Sunday, April 26, 2015

Doing your best may involve doing less?

I recently read the blog post linked below about education in Finland. It is a reflection from an American teacher who spent time in Finland's classrooms as part of a Fulbright research assignment. Much has been made about the education system in Finland since the country has ranked near the top of international benchmark tests on student achievement. It seems there are those who would have us believe schools in the U.S. are inferior to those in Finland or Singapore or other countries where test scores are higher than they are here in the States. However, I don't believe test scores provide enough information to compare the quality of schools to one another, and for the most part I believe comparisons like these are counter-productive.

11 Ways Finland's Education System Shows Us that "Less is More".

The overall theme of the Finland post was that the learning culture is not the pressure-cooker that it is here in the U.S. Here teachers are jumping through all sorts of hoops in the name of better learning. There is pressure from administrators, politicians, parents, the media, you name it. The perception is constantly reinforced in the media and public discourse that schools and teachers could and should do more. And no doubt there are some schools and teachers that need to do more. But shame, embarrassment, and high-pressure tactics are poor strategies to create positive change. A better solution is for all schools to strive to improve, regardless of how effective they are currently. We need educators with a growth mindset who are filled with purpose and working to improve opportunities for students.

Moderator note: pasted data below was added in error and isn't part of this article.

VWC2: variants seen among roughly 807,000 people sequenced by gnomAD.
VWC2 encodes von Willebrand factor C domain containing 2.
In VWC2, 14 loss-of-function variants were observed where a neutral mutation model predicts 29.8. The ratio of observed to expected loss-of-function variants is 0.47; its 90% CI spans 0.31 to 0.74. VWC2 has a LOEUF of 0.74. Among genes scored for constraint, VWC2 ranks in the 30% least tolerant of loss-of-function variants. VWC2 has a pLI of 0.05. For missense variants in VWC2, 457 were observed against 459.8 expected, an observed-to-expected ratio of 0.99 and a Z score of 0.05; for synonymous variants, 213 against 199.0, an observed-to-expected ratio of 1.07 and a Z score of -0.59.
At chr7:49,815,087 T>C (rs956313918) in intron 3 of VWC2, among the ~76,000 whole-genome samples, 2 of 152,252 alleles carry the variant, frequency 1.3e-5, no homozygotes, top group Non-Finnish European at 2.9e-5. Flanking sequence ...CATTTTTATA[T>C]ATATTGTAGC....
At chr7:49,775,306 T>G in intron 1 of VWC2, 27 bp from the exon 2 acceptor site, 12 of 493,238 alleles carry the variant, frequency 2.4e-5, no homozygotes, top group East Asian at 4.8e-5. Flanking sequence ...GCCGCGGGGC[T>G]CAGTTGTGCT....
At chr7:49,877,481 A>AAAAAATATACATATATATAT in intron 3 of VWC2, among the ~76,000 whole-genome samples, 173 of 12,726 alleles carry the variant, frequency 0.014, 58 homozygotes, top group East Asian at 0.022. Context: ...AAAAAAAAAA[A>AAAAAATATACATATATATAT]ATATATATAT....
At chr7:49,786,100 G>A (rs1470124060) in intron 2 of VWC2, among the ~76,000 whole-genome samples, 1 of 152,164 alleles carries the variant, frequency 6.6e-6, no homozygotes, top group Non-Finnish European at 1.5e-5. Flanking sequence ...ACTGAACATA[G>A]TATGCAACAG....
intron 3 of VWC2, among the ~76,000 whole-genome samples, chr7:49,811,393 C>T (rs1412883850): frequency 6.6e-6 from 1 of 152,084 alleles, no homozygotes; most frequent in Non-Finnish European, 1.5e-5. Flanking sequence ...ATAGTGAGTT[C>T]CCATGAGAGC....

Sunday, April 12, 2015

Make learning relevant without the 'hard sell'

If you feel like you need to explain to your students why your lesson is relevant, then maybe you need to rethink the learning culture in your classroom. It's not that relevance isn't important. We all know that students long to know why certain content matters. "Why do we have to learn this?" is a question every teacher has faced. But the problem is that explaining relevance is almost never good enough. The reasons for learning should be more obvious and compelling. Our schools need to make learning irresistible. If a teacher must explain why it's relevant, perhaps students lack the desired ownership for learning.

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